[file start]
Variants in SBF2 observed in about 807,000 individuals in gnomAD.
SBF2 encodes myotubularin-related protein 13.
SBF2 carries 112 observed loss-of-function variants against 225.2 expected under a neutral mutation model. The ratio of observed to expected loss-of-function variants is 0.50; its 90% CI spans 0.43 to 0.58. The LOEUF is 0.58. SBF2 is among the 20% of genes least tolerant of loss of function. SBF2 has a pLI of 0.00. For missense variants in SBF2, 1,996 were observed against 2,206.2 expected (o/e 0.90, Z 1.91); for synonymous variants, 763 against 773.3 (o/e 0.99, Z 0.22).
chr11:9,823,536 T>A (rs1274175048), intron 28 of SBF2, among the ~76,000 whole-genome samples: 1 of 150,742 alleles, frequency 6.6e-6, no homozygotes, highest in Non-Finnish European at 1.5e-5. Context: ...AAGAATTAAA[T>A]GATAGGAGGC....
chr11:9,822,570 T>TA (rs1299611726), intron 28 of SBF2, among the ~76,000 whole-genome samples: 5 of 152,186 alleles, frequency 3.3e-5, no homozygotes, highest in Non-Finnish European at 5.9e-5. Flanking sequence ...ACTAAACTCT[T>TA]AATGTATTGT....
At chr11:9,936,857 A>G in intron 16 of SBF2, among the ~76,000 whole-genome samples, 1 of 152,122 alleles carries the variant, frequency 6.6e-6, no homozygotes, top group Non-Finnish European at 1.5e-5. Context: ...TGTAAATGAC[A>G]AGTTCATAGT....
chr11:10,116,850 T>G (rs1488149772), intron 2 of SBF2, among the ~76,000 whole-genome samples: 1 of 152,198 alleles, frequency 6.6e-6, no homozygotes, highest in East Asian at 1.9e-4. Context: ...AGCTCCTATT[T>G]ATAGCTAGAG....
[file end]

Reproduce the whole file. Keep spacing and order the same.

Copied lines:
Variants in SBF2 observed in about 807,000 individuals in gnomAD.
SBF2 encodes myotubularin-related protein 13.
SBF2 carries 112 observed loss-of-function variants against 225.2 expected under a neutral mutation model. The ratio of observed to expected loss-of-function variants is 0.50; its 90% CI spans 0.43 to 0.58. The LOEUF is 0.58. SBF2 is among the 20% of genes least tolerant of loss of function. SBF2 has a pLI of 0.00. For missense variants in SBF2, 1,996 were observed against 2,206.2 expected (o/e 0.90, Z 1.91); for synonymous variants, 763 against 773.3 (o/e 0.99, Z 0.22).
chr11:9,823,536 T>A (rs1274175048), intron 28 of SBF2, among the ~76,000 whole-genome samples: 1 of 150,742 alleles, frequency 6.6e-6, no homozygotes, highest in Non-Finnish European at 1.5e-5. Context: ...AAGAATTAAA[T>A]GATAGGAGGC....
chr11:9,822,570 T>TA (rs1299611726), intron 28 of SBF2, among the ~76,000 whole-genome samples: 5 of 152,186 alleles, frequency 3.3e-5, no homozygotes, highest in Non-Finnish European at 5.9e-5. Flanking sequence ...ACTAAACTCT[T>TA]AATGTATTGT....
At chr11:9,936,857 A>G in intron 16 of SBF2, among the ~76,000 whole-genome samples, 1 of 152,122 alleles carries the variant, frequency 6.6e-6, no homozygotes, top group Non-Finnish European at 1.5e-5. Context: ...TGTAAATGAC[A>G]AGTTCATAGT....
chr11:10,116,850 T>G (rs1488149772), intron 2 of SBF2, among the ~76,000 whole-genome samples: 1 of 152,198 alleles, frequency 6.6e-6, no homozygotes, highest in East Asian at 1.9e-4. Context: ...AGCTCCTATT[T>G]ATAGCTAGAG....